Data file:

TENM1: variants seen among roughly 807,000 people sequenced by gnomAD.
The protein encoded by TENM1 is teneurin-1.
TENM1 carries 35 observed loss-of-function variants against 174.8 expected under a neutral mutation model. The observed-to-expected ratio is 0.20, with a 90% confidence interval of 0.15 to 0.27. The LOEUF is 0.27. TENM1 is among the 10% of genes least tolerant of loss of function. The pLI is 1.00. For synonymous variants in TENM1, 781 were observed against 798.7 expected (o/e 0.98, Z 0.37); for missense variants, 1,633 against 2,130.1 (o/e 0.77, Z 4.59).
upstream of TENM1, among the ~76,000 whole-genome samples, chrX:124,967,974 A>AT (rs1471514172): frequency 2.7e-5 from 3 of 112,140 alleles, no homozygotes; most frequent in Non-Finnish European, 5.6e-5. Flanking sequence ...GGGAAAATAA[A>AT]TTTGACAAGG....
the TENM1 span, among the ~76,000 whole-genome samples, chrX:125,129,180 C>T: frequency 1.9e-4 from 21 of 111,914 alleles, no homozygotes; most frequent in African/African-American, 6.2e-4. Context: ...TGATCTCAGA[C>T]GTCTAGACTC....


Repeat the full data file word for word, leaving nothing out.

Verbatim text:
TENM1: variants seen among roughly 807,000 people sequenced by gnomAD.
The protein encoded by TENM1 is teneurin-1.
TENM1 carries 35 observed loss-of-function variants against 174.8 expected under a neutral mutation model. The observed-to-expected ratio is 0.20, with a 90% confidence interval of 0.15 to 0.27. The LOEUF is 0.27. TENM1 is among the 10% of genes least tolerant of loss of function. The pLI is 1.00. For synonymous variants in TENM1, 781 were observed against 798.7 expected (o/e 0.98, Z 0.37); for missense variants, 1,633 against 2,130.1 (o/e 0.77, Z 4.59).
upstream of TENM1, among the ~76,000 whole-genome samples, chrX:124,967,974 A>AT (rs1471514172): frequency 2.7e-5 from 3 of 112,140 alleles, no homozygotes; most frequent in Non-Finnish European, 5.6e-5. Flanking sequence ...GGGAAAATAA[A>AT]TTTGACAAGG....
the TENM1 span, among the ~76,000 whole-genome samples, chrX:125,129,180 C>T: frequency 1.9e-4 from 21 of 111,914 alleles, no homozygotes; most frequent in African/African-American, 6.2e-4. Context: ...TGATCTCAGA[C>T]GTCTAGACTC....